This is the fourth week of session and the pace, quite frankly, has been frantic at times! As of today the House has completed 24 of the 46 days of the 2017 session. On Sunday, February 5th, the committees responsible for the budget bills will unveil their complete proposals. Two important deadlines will happen next week. Tuesday is Crossover, the deadline that each chamber must complete work on bills that originated in their respective chamber. Thursday the House will vote on our version of the budget.
The building has seen hundreds of visitors this week, all lobbying for their particular causes so it has been difficult to navigate throughout the building.
Many pieces of legislation have been heard and either disposed of or passed through to the next step in the legislative process. Of my seven introduced pieces of legislation, only five remain. I posted another Facebook video this week explaining my three bills that pertain to hunting and I hope that you will take a few minutes to look at it. If you have questions about any of my bills, don't hesitate to contact me.
The budget is on everyone's mind now. House and Senate budget leaders held a news conference and announced that state employee compensation is the highlight of their joint priorities. The budget proposal includes a 3% pay raise for state employees, funds to raise the starting salary of Virginia State Police, and funds to address salary compression issues for sheriff's deputies. I am totally supportive of raises for state employees and reevaluation of state police compensation.
The proposal raises the starting salary of Virginia State Police. New police officers will see a salary increase of almost $6800 to bring their annual salary to $43,000. Additionally, a trooper's annual salary one year after they graduate from the Police Academy will increase to $47,275.
The proposed budget includes funds to address salary compression issues for sheriff's deputies. The agreement includes a compression salary adjustment for employees in local sheriff's offices and regional jails of an additional $80 per year of service for three or more years and $65 per year of service for other personnel.
Employees of district courts are state employees and are scheduled to get the 3% raise. Circuit court clerks are state supported local employees. There will be a raise for them but the level of raise hasn't been finalized.
HELP FOR LOCAL SCHOOL SYSTEMS:
In 2016 the adopted budget sent 29% of lottery funds, or $157 million, back to local school divisions. This mechanism gives local schools more flexibility by not requiring matching funds or mandating how the funds mustbe spent. This year we plan to fully restore 40% of unencumbered funds from lottery proceeds back to school divisions. The budget language would permit school divisions to use this lottery money to provide a salary increase or to pay for increased local Virginia Retirement System costs.
For years now, schools in rural areas, particularly in Southside, Southwest, Northern Neck, and Eastern Shore regions, have been struggling, primarily due to the economic downturn and to enrollment losses. As jobs left, so have students and their families. Enrollment has been on a steady decline, even spiking at times with unexpected enrollment losses. Last year, the Coalfield districts in Southwest Virginia lost about 3 percent of their enrollment in the span of about six months.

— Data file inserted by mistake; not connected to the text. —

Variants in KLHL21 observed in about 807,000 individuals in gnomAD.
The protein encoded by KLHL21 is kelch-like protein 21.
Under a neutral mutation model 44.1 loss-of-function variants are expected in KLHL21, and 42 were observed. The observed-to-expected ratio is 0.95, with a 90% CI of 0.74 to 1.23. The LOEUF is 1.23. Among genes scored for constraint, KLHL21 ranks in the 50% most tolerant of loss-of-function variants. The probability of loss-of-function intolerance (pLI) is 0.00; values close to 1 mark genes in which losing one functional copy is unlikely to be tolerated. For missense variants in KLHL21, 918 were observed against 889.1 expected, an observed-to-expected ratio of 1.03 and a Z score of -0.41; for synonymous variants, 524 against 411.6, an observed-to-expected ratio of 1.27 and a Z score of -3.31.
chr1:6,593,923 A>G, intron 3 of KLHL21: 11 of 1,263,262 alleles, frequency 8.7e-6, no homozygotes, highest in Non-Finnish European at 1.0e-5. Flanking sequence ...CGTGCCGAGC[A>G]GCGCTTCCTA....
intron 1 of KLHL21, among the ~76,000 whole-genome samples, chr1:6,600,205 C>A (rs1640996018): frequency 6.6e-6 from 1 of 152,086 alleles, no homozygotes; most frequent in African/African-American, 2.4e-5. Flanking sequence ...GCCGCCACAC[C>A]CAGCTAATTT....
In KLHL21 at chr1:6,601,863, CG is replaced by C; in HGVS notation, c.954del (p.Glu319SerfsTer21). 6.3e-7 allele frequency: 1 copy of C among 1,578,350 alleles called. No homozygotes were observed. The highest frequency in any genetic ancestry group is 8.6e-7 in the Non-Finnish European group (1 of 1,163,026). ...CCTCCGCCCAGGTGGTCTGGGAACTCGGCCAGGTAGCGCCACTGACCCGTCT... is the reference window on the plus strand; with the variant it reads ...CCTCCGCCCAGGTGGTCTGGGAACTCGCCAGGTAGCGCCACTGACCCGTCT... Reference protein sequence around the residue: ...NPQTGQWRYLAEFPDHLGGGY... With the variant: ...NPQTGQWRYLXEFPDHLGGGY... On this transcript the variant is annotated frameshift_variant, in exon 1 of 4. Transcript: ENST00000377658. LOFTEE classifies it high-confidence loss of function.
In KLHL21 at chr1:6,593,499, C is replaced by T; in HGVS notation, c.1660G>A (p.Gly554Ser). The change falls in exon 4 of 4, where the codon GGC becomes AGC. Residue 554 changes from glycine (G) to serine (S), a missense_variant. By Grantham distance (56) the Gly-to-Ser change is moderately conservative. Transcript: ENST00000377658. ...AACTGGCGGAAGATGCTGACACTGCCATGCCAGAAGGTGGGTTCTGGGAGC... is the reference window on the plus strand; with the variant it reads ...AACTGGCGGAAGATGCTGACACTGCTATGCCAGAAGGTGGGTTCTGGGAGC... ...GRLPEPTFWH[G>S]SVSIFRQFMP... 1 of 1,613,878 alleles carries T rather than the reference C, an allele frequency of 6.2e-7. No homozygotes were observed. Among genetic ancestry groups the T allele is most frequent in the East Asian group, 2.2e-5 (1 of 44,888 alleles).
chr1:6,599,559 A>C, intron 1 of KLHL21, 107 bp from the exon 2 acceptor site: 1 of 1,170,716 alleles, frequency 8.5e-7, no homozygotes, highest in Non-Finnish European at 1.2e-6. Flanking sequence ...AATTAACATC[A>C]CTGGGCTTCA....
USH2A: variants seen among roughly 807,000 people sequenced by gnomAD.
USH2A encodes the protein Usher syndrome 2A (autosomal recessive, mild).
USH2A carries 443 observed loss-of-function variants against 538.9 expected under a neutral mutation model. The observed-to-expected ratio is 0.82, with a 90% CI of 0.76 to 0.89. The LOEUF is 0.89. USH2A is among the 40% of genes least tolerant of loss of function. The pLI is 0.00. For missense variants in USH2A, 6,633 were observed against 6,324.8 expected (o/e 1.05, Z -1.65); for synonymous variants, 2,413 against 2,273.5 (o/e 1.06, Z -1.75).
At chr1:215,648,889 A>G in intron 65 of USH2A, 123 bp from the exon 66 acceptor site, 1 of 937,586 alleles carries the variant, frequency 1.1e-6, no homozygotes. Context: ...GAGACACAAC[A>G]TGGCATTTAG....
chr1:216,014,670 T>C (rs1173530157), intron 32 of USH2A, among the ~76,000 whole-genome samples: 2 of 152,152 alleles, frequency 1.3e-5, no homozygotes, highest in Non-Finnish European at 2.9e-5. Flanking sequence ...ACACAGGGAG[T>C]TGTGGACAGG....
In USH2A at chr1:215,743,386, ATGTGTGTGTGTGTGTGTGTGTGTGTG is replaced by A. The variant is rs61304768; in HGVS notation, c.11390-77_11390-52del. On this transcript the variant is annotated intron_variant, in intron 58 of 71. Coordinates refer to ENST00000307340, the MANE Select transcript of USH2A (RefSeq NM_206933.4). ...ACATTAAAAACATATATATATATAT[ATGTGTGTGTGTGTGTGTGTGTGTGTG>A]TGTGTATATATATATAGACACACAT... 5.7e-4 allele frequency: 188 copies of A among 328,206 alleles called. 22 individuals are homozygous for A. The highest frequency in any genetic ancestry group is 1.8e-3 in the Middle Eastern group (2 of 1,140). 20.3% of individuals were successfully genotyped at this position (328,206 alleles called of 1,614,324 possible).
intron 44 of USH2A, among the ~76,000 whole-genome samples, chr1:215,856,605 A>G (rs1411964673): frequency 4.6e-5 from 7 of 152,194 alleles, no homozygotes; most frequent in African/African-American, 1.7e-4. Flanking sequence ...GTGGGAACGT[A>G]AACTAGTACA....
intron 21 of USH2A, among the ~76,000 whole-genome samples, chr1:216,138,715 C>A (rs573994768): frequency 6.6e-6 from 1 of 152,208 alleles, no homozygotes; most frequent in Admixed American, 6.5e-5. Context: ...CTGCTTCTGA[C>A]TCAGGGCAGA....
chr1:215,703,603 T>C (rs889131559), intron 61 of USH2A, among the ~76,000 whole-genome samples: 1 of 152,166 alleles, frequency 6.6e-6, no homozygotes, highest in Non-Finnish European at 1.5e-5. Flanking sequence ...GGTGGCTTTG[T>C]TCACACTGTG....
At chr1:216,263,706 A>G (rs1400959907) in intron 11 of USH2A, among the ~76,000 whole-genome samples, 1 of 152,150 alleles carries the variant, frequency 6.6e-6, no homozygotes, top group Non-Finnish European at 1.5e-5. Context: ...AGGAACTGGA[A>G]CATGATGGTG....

Since our education funding formulas are based on a per pupil basis, as the students leave the schools, so does our education funding. Fewer students means fewer dollars to fund education. Many of our schools have taken a major financial hit. They have cut programs, consolidated buildings, all in an effort to save money to balance their budgets.
We have been working hard to come up with a way to fix this growing problem and came up with a plan called the "10-10-10" Formula.
This initiative will look at the last 10 years of a school districts population. If there is a 10% or more decline of students, and the school district has a population of less than 10,000 students, we will provide a 15% enrollment loss supplement which will allow them to invest in the future of our children. Every school district I represent should qualify for the additional funding. In the past ten years, Halifax County has seen a decline of 14%, Charlotte County of 18% and Prince Edward County of 24% of their student populations.
I recognize that education can help lift people out of poverty and equips them with the knowledge and skills they need to be successful in life. This new initiative will give our children a better and brighter future.
The committees responsible for the budget bills will unveil their complete proposals this Sunday, February 5th.
OF LOCAL INTEREST:
Virginia Municipal League members visited the General Assembly this week and I was pleased to meet with Wade Bartlett, Calvin Gray, Jerry Townsend, Odessa Pride and Howard Simpson from Prince Edward County ; Tom Raab and Bob Hughes from the Town of South Boston; Dennis Witt, Jim Halasz, Larry Giordano from Halifax County.
Quote of the Day:
"May we think of freedom, not as the right to do as we please, but as the opportunity to do what is right." Peter Marshall